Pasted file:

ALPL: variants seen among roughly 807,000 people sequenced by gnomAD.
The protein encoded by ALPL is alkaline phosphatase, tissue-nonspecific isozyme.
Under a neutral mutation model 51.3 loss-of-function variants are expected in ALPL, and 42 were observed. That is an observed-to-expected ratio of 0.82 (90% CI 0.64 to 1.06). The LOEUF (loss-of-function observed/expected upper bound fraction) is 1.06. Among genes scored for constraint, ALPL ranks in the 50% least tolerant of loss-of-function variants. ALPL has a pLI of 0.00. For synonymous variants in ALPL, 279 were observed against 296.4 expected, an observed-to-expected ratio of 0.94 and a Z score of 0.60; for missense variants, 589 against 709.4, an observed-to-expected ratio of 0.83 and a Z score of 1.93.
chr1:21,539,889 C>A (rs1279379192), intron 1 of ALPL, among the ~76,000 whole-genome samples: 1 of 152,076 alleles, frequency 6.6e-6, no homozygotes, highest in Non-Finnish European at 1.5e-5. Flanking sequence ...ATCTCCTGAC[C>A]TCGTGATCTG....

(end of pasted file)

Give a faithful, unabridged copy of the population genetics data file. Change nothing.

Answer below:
ALPL: variants seen among roughly 807,000 people sequenced by gnomAD.
The protein encoded by ALPL is alkaline phosphatase, tissue-nonspecific isozyme.
Under a neutral mutation model 51.3 loss-of-function variants are expected in ALPL, and 42 were observed. That is an observed-to-expected ratio of 0.82 (90% CI 0.64 to 1.06). The LOEUF (loss-of-function observed/expected upper bound fraction) is 1.06. Among genes scored for constraint, ALPL ranks in the 50% least tolerant of loss-of-function variants. ALPL has a pLI of 0.00. For synonymous variants in ALPL, 279 were observed against 296.4 expected, an observed-to-expected ratio of 0.94 and a Z score of 0.60; for missense variants, 589 against 709.4, an observed-to-expected ratio of 0.83 and a Z score of 1.93.
chr1:21,539,889 C>A (rs1279379192), intron 1 of ALPL, among the ~76,000 whole-genome samples: 1 of 152,076 alleles, frequency 6.6e-6, no homozygotes, highest in Non-Finnish European at 1.5e-5. Flanking sequence ...ATCTCCTGAC[C>A]TCGTGATCTG....